The announcement by the Institute of Economic Affairs (IEA) of its finalists for the €100,000 Brexit prize was made this week.
It was noteworthy for this blog as the entry by my friend Richard North, assisted by another friend, Paul Williams, regretably did not make the final six – despite producing a submission of incredible detail, that presented a solution for a post-EU Britain based upon real world dynamics, governnance and structures. You can read the submission, ‘FLEXCIT’ here.
A closer look at the entries that survived showed the authors all share a common theme, namely that Brexit should be accompanied by a formalisation of a Commonwealth free trade bloc.
What is interesting is that the original shortlist of 20 included a number of entries espousing variations of British membership of the European Free Trade Association (EFTA) upon exit from the EU. But in whittling down the field, every single one of them has been culled, while entries pushing a Commonwealth solution, or written by people who push such a solution, have made it to the final.
The only possible explanation for this is that the judging panel have abandoned any pretence of embracing wide-ranging and innovative solutions in an open minded fashion, and instead sought to advance entries that mirror their own pre-determined viewpoints. In short, that the IEA Brexit panel are only interested in entries that reinforce and confirm their own biases, which renders the whole IEA competition worthless.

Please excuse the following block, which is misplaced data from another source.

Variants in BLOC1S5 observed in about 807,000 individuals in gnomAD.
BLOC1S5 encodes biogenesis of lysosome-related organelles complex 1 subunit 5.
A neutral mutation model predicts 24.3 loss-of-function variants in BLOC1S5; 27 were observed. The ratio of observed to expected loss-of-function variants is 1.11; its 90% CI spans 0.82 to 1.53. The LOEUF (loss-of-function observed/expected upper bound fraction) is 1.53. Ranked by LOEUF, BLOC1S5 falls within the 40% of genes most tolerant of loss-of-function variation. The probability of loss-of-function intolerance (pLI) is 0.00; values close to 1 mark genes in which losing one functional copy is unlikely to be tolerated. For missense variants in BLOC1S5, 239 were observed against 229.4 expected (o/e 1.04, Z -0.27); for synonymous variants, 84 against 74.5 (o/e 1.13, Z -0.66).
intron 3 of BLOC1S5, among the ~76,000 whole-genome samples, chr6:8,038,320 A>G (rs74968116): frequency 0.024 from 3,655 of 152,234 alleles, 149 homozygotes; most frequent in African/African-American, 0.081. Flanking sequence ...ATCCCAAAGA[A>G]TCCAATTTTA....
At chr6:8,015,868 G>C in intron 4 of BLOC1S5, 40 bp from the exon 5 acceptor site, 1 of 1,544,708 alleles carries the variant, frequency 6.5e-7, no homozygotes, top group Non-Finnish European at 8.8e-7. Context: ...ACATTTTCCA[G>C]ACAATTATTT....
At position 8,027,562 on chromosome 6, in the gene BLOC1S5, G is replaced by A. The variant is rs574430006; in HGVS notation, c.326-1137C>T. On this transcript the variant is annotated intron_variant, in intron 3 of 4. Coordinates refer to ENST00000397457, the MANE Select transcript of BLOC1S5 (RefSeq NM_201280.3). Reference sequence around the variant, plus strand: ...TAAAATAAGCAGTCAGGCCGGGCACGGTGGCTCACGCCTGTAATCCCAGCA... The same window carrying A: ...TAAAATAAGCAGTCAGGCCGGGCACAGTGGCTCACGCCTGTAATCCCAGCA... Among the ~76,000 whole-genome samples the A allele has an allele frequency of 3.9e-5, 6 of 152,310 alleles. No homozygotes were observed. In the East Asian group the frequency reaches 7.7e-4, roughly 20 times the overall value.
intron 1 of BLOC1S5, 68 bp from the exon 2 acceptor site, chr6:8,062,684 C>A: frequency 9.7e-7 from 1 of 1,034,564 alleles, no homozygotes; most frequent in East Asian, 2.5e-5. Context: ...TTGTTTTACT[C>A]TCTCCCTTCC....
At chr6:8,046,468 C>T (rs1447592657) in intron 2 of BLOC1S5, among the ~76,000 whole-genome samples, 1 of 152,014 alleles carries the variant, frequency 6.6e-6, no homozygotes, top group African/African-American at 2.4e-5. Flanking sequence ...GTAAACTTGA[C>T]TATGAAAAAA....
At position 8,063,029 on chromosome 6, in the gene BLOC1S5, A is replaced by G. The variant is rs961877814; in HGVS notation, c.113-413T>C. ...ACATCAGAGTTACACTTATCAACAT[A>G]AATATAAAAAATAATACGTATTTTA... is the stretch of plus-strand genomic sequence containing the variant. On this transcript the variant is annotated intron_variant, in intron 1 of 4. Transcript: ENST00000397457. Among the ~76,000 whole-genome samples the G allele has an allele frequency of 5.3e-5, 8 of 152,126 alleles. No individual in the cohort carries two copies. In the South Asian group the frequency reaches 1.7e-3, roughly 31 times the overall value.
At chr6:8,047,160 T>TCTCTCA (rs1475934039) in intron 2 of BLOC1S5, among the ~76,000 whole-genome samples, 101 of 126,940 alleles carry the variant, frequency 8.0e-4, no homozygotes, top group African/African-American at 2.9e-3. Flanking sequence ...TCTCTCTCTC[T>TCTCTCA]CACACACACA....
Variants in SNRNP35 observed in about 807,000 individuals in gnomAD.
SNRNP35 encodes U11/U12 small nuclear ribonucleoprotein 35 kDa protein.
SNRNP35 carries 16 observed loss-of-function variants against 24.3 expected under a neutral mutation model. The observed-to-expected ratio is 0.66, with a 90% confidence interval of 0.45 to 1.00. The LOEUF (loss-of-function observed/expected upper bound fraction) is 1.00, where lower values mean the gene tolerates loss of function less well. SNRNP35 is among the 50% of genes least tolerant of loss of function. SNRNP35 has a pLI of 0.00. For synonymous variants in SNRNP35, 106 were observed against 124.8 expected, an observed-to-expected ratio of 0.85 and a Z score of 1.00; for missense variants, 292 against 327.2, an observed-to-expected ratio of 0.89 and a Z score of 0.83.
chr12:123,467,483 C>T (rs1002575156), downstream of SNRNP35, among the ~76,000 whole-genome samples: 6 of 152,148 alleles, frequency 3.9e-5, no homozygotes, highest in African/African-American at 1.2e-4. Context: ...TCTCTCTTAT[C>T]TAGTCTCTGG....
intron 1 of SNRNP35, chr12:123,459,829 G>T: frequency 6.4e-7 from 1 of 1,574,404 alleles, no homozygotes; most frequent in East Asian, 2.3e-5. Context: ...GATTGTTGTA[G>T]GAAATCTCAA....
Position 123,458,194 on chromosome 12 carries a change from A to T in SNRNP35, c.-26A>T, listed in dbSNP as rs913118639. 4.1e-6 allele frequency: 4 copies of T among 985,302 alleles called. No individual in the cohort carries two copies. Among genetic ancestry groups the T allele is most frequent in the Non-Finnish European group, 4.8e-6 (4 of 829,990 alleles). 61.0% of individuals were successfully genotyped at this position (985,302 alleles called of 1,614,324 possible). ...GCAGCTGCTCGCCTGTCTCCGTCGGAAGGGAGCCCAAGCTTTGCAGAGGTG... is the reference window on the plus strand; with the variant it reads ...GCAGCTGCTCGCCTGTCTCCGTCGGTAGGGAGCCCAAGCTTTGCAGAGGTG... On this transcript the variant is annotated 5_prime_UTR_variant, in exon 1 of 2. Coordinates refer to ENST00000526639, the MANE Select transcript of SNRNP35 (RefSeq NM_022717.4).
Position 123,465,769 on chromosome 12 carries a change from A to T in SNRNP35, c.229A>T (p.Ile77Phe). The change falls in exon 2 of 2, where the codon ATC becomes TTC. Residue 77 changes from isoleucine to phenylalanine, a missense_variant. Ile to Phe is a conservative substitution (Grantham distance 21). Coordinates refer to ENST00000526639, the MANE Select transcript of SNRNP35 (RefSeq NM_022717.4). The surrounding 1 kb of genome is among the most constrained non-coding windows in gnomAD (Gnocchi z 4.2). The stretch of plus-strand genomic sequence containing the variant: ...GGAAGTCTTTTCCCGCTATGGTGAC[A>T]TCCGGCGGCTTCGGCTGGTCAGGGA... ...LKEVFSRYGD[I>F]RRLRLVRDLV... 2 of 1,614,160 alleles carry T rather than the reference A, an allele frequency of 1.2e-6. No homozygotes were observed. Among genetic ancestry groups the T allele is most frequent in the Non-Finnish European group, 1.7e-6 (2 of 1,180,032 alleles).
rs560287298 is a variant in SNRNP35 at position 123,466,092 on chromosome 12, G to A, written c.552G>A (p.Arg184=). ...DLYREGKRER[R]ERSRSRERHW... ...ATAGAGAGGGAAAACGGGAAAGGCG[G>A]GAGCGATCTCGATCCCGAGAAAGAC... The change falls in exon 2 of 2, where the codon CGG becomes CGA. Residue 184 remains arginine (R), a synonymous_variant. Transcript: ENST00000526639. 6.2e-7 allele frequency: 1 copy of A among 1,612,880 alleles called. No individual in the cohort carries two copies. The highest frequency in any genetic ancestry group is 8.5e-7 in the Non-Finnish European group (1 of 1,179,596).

So why can the IEA no longer be considered a serious player in the Brexit debate?
Put simply, when combined with the wholesale exclusion of the overwhelmingly political dimension of a Brexit, it is that in the modern age the Commonwealth solution is no longer a realistic option.
Free trade blocs requires its members to have broadly similar standards and have similar levels of social development. The is such a difference in standards and social development between Britain and, for example, Uganda, that the notion of the Commonwealth being a suitable wrapper for a free trade bloc just doesn’t stand up.
The IEA has ignored the real world in favour of a concept that would be unworkable and costly. It has pretended the politics of Brexit are irrelevent and that economics trumps all. As such it cannot be taken seriously and any interventions it makes in the debate concerning the UK leaving the EU are likely to cause more harm than good.